Discover more from bed crumbs
on the joan didion memorial service
hey hi hello. here are thoughts i fired off into my notes app last night after pulling myself out of a trash monster deadline-mode decline to go to the joan didion memorial even though i was sort of (for reasons you will see) a little skeptical of it. maybe they’re bad but whatever i do not care*
*it’s 10 pm and i’m being brave and burdening you all with them in spite of my “maybe some notes app dumps should stay in the notes app” thoughts otherwise
I did not particularly want to go to Joan Didion’s memorial. I had not known of its existence until hours before and its notice by way of Instagram felt cheap and crass, a reduction of one of our greatest voices to an influencer event. I did not have a great deal of interest in being one of the people off the street rubbernecking at the celebrity speakers, the ones who would move their hands instinctively in the direction of applause at the end of each reading only to stop short, the ones who would hold their iPhones up high to record minutes-long videos of Patti Smith performing as if they were at a rock concert and not a memorial for a dead woman. I had even less interest in being mistaken for one of the many women belonging to a certain generation and particular affliction of youth who have conflated deifying Didion with commodifying her, the ones who would show up in cut offs and crop tops feigning respect as they took photos of Jia Tolentino at the lectern, deaf to her words about their very misrepresentation of their fave and willful misinterpretation of her work. New Yorkers mourn publicly and en masse but I did not want my grief to be sullied with things I felt were beneath it, things I thought would cheapen it, things I thought would make it just like everyone else’s. I wanted to keep my grief for a woman I had never actually known pure and haughty and mine. I wanted to continue to write, stay submerged in someone else’s life so I did not have to think about my own. I did not want to cry where anyone could see.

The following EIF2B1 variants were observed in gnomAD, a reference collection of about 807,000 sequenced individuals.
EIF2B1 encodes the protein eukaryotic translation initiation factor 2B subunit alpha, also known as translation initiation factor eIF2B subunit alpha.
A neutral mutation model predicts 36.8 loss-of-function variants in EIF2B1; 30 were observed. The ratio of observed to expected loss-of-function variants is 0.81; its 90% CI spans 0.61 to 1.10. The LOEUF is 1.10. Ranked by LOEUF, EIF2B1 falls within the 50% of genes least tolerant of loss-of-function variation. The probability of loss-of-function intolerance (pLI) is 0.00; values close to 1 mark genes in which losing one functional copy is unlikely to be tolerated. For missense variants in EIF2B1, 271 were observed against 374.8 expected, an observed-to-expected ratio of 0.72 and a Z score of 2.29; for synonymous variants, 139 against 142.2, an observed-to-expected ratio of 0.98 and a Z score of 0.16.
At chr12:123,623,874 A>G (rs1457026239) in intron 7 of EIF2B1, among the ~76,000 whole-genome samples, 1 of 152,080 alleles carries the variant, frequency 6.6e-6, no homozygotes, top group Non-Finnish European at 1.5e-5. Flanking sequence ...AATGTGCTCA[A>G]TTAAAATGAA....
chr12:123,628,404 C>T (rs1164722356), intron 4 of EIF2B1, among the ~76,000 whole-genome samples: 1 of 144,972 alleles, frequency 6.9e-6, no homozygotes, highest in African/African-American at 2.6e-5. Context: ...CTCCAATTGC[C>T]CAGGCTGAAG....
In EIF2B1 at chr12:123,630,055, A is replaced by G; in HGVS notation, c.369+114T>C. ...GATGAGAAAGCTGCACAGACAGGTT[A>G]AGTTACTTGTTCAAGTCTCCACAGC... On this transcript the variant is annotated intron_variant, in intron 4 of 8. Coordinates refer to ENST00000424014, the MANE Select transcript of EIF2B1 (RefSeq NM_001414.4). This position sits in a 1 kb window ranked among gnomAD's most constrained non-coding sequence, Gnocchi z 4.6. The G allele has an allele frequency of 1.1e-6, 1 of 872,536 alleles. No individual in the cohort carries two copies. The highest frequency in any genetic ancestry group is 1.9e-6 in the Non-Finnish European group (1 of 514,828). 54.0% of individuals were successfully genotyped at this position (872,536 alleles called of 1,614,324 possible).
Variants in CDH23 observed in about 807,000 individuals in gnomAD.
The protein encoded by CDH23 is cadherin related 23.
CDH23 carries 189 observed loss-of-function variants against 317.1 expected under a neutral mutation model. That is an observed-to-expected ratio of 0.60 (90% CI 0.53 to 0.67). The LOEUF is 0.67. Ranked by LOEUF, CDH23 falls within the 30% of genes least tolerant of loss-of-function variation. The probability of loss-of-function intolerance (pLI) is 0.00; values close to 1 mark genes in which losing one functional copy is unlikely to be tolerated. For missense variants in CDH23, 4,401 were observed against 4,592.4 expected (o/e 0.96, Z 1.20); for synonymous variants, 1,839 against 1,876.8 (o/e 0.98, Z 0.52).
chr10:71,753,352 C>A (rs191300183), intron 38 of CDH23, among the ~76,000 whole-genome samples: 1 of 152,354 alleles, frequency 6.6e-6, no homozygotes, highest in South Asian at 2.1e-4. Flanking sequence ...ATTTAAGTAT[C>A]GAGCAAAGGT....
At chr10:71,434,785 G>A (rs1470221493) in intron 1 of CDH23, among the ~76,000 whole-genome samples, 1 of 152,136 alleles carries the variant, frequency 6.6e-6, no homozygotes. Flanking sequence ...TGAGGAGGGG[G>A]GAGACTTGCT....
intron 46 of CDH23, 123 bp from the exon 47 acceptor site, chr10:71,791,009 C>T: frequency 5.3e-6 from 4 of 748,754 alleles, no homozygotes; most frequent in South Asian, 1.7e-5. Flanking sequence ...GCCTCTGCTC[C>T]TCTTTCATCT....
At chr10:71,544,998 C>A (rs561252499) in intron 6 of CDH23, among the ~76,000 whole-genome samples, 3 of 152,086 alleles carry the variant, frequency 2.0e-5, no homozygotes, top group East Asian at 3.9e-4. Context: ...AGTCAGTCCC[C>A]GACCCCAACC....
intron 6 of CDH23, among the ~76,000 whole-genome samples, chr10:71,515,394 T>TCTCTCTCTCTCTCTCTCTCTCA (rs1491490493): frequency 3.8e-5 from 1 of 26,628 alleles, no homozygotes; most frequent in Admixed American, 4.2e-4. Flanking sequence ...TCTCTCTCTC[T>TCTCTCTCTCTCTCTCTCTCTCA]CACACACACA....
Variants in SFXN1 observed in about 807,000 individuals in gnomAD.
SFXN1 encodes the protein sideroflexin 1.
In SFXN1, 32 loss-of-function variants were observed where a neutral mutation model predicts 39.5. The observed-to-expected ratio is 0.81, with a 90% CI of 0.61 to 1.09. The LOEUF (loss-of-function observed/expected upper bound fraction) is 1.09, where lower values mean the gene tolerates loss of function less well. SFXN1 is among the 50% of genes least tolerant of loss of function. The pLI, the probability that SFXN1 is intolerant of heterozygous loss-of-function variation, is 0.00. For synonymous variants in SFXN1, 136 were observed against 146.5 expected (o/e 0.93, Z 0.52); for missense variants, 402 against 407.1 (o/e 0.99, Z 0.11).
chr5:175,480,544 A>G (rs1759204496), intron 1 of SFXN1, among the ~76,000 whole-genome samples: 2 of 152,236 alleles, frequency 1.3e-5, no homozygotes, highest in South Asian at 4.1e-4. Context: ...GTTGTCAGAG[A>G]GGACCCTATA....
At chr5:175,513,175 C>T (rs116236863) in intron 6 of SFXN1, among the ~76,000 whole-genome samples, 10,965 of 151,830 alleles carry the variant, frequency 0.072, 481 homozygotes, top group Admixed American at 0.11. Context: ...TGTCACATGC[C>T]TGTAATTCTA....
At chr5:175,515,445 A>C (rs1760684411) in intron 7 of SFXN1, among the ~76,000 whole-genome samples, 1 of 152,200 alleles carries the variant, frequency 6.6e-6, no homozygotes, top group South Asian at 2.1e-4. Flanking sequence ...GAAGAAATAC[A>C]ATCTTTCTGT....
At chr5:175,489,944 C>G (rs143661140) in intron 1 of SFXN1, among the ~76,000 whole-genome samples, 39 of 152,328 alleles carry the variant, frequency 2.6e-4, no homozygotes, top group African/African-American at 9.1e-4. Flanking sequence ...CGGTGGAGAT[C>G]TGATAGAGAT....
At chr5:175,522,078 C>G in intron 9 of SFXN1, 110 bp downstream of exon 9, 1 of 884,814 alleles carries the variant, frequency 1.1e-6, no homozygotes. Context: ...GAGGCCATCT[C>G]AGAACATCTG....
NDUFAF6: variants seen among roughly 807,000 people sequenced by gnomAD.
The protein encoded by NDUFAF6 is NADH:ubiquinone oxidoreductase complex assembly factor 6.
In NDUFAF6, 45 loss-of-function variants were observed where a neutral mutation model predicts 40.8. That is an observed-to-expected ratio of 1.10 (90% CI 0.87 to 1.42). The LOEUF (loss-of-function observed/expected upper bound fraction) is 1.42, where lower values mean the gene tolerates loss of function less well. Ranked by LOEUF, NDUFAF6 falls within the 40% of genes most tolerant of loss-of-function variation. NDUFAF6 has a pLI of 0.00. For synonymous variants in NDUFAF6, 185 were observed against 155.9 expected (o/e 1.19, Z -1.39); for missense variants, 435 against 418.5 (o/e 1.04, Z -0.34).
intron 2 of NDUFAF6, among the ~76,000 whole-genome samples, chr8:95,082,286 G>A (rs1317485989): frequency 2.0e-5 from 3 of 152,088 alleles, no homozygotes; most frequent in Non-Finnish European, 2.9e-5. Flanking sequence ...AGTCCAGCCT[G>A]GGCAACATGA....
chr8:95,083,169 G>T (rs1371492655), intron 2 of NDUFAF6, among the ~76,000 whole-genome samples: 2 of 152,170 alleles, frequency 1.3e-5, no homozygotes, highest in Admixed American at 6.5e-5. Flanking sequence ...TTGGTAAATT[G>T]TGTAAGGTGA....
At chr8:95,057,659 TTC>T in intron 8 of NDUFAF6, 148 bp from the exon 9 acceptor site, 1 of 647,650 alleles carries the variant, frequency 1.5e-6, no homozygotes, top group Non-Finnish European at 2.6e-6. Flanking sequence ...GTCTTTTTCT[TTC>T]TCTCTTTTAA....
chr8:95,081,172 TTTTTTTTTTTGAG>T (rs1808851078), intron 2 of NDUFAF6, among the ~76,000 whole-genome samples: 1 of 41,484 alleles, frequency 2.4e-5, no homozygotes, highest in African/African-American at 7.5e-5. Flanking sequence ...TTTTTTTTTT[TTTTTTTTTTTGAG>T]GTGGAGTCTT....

“I am a non-person, a walking raw nerve,” I told my friend. “I need to work,” I told myself. But as much as I did not particularly want to go to Joan Didion’s memorial I did not particularly want to miss it. There are simply some things in life you put aside your discomfort for. I wore my black shift with the white stripe. I took the subway uptown. I sat for two hours on a hard wooden chair and wondered how a room so cavernous could be so airless. I thought about good posture. I did not cry.
The evening after Joan Didion’s memorial I walked the forty blocks home from the Cathedral of St. John the Divine in heels that were not meant to walk forty blocks in. I did not need to go to the Cathedral of St. John the Divine that afternoon, nor did I need to walk the forty blocks home. I did not need to wear the shoes that hurt my feet. But I did so because I felt compelled to, because that’s just what you do, because I had not left my apartment since the day before and because I could not find a cab.
Cop cars lined Central Park West as it intersected with 86th Street, growing in volume as the blocks descended, as numerous and vulgar as the spotted lanternfly corpses on the sidewalks. Streams of men who all seemed to own the same type of black suit mingled with walkie talkies. No one was allowed past 81st Street. “What’s going on?” I asked a blonde woman in a black exercise outfit hanging on the steel barricade, watching the non activity with great delight and enthusiasm. The president was in town. I had not known the president was in town. I had not planned on wearing the appropriate shoes for the appropriate reroute to accommodate the president being in town. The woman told me this news as if it were the most important thing that happened today.
We tell ourselves stories in order to live, Joan said.
The stories cannot end when we die, I’m saying.